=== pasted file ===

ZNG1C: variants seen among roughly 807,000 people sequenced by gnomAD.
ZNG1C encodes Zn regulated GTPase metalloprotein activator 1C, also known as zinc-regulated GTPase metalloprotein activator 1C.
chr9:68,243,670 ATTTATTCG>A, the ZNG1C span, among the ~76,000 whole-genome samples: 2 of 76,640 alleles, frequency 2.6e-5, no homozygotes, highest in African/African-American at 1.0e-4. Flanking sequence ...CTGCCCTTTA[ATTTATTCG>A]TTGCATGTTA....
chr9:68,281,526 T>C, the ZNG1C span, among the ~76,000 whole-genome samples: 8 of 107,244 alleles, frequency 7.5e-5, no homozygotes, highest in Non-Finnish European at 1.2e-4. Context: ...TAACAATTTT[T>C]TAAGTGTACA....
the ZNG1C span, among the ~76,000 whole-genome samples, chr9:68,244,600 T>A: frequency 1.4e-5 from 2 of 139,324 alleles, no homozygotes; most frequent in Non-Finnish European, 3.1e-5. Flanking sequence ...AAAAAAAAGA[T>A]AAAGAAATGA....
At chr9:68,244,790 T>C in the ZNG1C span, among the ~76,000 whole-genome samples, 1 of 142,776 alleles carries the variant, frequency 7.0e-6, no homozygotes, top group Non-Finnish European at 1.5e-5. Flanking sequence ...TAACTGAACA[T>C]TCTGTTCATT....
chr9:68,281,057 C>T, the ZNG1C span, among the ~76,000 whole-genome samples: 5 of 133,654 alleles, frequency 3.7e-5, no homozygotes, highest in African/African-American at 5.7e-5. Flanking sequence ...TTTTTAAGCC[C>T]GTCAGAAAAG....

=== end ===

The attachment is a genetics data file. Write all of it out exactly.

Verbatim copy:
ZNG1C: variants seen among roughly 807,000 people sequenced by gnomAD.
ZNG1C encodes Zn regulated GTPase metalloprotein activator 1C, also known as zinc-regulated GTPase metalloprotein activator 1C.
chr9:68,243,670 ATTTATTCG>A, the ZNG1C span, among the ~76,000 whole-genome samples: 2 of 76,640 alleles, frequency 2.6e-5, no homozygotes, highest in African/African-American at 1.0e-4. Flanking sequence ...CTGCCCTTTA[ATTTATTCG>A]TTGCATGTTA....
chr9:68,281,526 T>C, the ZNG1C span, among the ~76,000 whole-genome samples: 8 of 107,244 alleles, frequency 7.5e-5, no homozygotes, highest in Non-Finnish European at 1.2e-4. Context: ...TAACAATTTT[T>C]TAAGTGTACA....
the ZNG1C span, among the ~76,000 whole-genome samples, chr9:68,244,600 T>A: frequency 1.4e-5 from 2 of 139,324 alleles, no homozygotes; most frequent in Non-Finnish European, 3.1e-5. Flanking sequence ...AAAAAAAAGA[T>A]AAAGAAATGA....
At chr9:68,244,790 T>C in the ZNG1C span, among the ~76,000 whole-genome samples, 1 of 142,776 alleles carries the variant, frequency 7.0e-6, no homozygotes, top group Non-Finnish European at 1.5e-5. Flanking sequence ...TAACTGAACA[T>C]TCTGTTCATT....
chr9:68,281,057 C>T, the ZNG1C span, among the ~76,000 whole-genome samples: 5 of 133,654 alleles, frequency 3.7e-5, no homozygotes, highest in African/African-American at 5.7e-5. Flanking sequence ...TTTTTAAGCC[C>T]GTCAGAAAAG....